Burke & Hare
Both Burke (1729-1829) and Hare (1729 or 1804-?) were originally from Northern Ireland and immigrated to Scotland to work in the Union Canal. Burke had a mistress called Helen McDougal and Hare was married to Margaret Laird.
Edinburgh at that time was a city well known for medical science, but the city could not provide the medical institutes with enough cadavers for their studies. This opened a market for selling large amounts of cadavers. At first it was grave robberies, but in this example developed into more radical actions. In just one year they killed around 17 people that we know of. Burke and Hare sold must of their bodies to Dr Robert Knox, who was a well known og respected doctor.
Victims + Trial & Execution
1. Donald, army pensioner
2. Abigail Simpson from Gilmerton, salt seller
3. Joseph, miller
4. Drunken female lodger - Burke acting alone
5. English male lodger from Cheshire
6. Mary Haldane, prostitute
7. Effie, cinder- gatherer
8. Irish woman from Glasgow
9. Glasgow woman’s son or grandson
10. Female lodger - Hare acting alone
11. Drunken woman in the West Port
12. Margaret Haldane, prostitute
13. Mary Paterson, also known as Mary Mitchell
14. Mrs Hostler, washerwoman
15. Ann McDougal, cousin of Helen McDougal
16. James Wilson, simpleton
17. Mary Docherty, Irish beggar-woman, also known as Margery Campbell
These killings happened over a period of time of roughly one year. The medical students started to recognize some of the cadavers and got more and more suspicious. Burke and Hare got court by the Grays, a couple who found one of their killings(victims) under Burkes bed. They ran to tell the police thus started the trial that lead to Burke getting executed and Hare leaving the country. Hare got a lighter conviction by testifying against Burke who was found guilty and executed 28th of January 1829.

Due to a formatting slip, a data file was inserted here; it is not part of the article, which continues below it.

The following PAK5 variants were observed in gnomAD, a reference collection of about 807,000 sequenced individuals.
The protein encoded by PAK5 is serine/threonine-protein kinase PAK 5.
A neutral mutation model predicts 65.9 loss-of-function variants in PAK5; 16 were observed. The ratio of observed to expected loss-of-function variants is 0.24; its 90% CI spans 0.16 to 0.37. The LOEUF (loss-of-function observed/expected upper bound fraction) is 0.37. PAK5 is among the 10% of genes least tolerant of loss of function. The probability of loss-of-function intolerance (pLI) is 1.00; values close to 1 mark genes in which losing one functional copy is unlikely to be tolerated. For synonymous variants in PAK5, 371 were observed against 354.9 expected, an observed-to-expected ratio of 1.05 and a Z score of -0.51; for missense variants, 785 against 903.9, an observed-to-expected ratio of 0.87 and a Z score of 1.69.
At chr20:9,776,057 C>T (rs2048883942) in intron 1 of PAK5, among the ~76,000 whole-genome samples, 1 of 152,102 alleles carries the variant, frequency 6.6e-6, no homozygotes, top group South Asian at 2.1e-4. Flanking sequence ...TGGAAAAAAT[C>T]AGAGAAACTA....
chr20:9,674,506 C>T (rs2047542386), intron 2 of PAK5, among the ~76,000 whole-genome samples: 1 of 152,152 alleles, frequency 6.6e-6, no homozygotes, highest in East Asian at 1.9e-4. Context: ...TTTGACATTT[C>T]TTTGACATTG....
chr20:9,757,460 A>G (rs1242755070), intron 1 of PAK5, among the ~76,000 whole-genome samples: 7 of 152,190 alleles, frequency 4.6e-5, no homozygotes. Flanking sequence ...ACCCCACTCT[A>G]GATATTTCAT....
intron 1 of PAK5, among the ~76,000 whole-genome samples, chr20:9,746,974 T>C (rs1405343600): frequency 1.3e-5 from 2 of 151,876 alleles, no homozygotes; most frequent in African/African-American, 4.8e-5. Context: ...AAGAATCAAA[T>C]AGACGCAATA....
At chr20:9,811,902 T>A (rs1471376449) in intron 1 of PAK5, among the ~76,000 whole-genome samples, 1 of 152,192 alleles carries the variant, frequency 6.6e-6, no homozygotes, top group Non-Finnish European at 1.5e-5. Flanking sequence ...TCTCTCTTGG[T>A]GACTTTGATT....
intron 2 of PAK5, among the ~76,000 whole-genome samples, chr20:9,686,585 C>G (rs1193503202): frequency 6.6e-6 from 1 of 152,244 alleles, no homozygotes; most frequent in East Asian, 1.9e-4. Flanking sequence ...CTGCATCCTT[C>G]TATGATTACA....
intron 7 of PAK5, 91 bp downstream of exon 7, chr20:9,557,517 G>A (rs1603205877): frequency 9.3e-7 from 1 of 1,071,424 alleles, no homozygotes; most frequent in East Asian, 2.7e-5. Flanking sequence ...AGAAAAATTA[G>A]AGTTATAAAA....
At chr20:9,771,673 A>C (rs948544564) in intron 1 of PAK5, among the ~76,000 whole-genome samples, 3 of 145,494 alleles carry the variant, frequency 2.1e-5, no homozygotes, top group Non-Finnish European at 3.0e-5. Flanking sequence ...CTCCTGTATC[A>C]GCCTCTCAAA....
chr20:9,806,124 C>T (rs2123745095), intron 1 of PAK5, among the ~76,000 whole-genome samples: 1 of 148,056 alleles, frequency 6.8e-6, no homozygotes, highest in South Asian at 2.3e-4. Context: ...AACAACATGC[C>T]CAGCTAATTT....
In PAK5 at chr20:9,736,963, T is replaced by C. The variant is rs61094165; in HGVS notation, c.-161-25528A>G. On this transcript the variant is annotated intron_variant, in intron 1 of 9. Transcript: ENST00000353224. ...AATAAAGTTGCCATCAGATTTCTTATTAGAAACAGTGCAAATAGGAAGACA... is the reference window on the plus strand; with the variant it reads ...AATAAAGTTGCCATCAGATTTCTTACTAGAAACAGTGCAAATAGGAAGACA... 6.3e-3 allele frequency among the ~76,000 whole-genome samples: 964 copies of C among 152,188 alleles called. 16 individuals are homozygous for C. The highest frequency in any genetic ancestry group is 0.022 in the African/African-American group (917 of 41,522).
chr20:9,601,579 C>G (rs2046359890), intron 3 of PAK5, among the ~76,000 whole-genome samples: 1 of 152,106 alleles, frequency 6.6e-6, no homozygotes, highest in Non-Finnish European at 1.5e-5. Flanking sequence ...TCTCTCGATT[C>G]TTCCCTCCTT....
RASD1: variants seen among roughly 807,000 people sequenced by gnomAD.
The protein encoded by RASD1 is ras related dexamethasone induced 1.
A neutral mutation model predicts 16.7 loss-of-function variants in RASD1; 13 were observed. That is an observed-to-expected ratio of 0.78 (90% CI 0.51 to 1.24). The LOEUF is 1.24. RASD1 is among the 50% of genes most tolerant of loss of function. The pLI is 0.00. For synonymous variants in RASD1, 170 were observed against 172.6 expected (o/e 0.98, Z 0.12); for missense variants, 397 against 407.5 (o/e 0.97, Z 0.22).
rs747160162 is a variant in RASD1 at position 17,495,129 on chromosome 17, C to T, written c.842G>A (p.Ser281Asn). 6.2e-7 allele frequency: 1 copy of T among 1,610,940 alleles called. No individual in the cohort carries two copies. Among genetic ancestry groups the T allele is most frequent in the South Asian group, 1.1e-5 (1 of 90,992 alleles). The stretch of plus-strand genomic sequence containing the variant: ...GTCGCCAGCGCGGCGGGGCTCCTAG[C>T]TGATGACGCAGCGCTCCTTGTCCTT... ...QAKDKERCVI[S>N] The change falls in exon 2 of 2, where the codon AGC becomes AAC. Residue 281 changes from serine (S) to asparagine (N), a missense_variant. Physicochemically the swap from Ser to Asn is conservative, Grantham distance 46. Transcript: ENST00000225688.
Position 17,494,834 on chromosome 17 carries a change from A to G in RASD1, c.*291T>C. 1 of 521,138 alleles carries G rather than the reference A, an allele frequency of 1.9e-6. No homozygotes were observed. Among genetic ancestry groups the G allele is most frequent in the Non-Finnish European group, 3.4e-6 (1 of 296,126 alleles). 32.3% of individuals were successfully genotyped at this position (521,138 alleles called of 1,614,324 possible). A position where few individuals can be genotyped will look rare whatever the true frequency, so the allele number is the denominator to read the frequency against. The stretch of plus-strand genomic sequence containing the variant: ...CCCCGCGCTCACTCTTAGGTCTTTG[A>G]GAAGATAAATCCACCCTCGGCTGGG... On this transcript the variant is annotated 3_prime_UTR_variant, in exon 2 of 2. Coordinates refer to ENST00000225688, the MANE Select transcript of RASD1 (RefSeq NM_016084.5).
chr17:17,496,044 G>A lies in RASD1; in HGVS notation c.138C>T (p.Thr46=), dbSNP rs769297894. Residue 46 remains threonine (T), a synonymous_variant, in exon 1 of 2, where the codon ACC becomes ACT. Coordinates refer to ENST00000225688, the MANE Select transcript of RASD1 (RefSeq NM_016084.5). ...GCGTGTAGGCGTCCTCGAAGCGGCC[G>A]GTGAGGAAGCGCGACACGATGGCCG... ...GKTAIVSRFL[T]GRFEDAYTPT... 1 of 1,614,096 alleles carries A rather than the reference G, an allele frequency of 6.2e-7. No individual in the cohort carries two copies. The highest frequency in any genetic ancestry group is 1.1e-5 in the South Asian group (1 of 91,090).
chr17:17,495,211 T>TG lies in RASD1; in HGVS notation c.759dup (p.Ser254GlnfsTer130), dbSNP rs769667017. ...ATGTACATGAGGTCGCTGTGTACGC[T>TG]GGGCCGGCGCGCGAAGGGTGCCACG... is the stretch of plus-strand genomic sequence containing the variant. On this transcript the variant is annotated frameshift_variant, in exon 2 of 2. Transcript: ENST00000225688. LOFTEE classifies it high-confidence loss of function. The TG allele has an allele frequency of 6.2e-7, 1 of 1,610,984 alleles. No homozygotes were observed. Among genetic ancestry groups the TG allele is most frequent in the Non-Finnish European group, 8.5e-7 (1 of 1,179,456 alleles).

The hanging led to the biggest gathering in Edinburgh ever up to the day .
Influence on history
In the beginning af the 19th century doctors and medical student were only allowed to dissect bodies of executed murderers. The demand of "fresh corpses" rose due to the growing interest in medical science, but the supply was weakening because of the decreased amount of murders.
As a natural reaction to this situation, the phenomenon of grave robbery grow worse - since it was a profitable business, and furthermore it wasn't an actual crime the UK, due to the fact that nobody owned the bodies.
Another way of supplying the medical scientists with this special demand became burking, a phenomenon named after the notorious serial killers W. Burke & W. Hare. Examples are both the West Port murders(1828) and the London Burkers(1831).
The Anatomy Act of 1832
As a reaction to the the West Port murders and the London Burkers a commission in London decided to change the low according to dissection of human bodies.
It was no longer a requirement, that bodies for dissection had to be from executed murders (Act of Murder 1752). The bodies of pour people were to surpass to scientific purpose, furthermore donated corpses were allowed to be used for examinations. Thereby it was now possible for doctors, teachers of anatomy and serious/ambitious/bona fide medical students structurally and repeatedly to dissect human bodies. In this way it was feasible for medical science to specialize and advance in several areas of the human anatomy, by getting a huge amount of new knowledge within a relatively short period of time.
These scientific progress were some of the most important in nearly 2.000 years (since Galen). Thus the newly acquired knowledge doctors were able to cure patients and underline the importance of hygiene. This so to speak changed the face of medicin.